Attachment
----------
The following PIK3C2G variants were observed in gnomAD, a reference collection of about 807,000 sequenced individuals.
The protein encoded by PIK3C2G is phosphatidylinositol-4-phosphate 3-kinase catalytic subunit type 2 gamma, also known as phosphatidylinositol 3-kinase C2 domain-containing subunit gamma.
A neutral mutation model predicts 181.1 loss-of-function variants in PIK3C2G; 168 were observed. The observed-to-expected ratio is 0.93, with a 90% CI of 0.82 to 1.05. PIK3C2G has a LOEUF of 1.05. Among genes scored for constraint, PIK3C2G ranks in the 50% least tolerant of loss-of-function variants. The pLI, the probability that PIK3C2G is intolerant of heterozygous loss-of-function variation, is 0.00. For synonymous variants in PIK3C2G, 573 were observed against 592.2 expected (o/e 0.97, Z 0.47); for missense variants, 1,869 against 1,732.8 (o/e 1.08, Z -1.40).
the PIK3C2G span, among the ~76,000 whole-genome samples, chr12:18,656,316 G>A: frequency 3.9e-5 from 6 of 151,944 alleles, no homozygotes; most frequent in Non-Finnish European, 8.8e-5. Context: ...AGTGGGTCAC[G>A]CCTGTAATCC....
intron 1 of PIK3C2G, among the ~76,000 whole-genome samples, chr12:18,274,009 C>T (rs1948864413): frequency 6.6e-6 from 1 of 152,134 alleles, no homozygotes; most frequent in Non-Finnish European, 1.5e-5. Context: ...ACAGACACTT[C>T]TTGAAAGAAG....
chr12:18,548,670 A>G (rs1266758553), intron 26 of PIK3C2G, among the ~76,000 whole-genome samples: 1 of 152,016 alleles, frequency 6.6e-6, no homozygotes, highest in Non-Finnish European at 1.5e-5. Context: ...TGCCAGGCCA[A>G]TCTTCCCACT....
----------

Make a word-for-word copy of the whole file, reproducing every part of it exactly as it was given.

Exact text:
The following PIK3C2G variants were observed in gnomAD, a reference collection of about 807,000 sequenced individuals.
The protein encoded by PIK3C2G is phosphatidylinositol-4-phosphate 3-kinase catalytic subunit type 2 gamma, also known as phosphatidylinositol 3-kinase C2 domain-containing subunit gamma.
A neutral mutation model predicts 181.1 loss-of-function variants in PIK3C2G; 168 were observed. The observed-to-expected ratio is 0.93, with a 90% CI of 0.82 to 1.05. PIK3C2G has a LOEUF of 1.05. Among genes scored for constraint, PIK3C2G ranks in the 50% least tolerant of loss-of-function variants. The pLI, the probability that PIK3C2G is intolerant of heterozygous loss-of-function variation, is 0.00. For synonymous variants in PIK3C2G, 573 were observed against 592.2 expected (o/e 0.97, Z 0.47); for missense variants, 1,869 against 1,732.8 (o/e 1.08, Z -1.40).
the PIK3C2G span, among the ~76,000 whole-genome samples, chr12:18,656,316 G>A: frequency 3.9e-5 from 6 of 151,944 alleles, no homozygotes; most frequent in Non-Finnish European, 8.8e-5. Context: ...AGTGGGTCAC[G>A]CCTGTAATCC....
intron 1 of PIK3C2G, among the ~76,000 whole-genome samples, chr12:18,274,009 C>T (rs1948864413): frequency 6.6e-6 from 1 of 152,134 alleles, no homozygotes; most frequent in Non-Finnish European, 1.5e-5. Context: ...ACAGACACTT[C>T]TTGAAAGAAG....
chr12:18,548,670 A>G (rs1266758553), intron 26 of PIK3C2G, among the ~76,000 whole-genome samples: 1 of 152,016 alleles, frequency 6.6e-6, no homozygotes, highest in Non-Finnish European at 1.5e-5. Context: ...TGCCAGGCCA[A>G]TCTTCCCACT....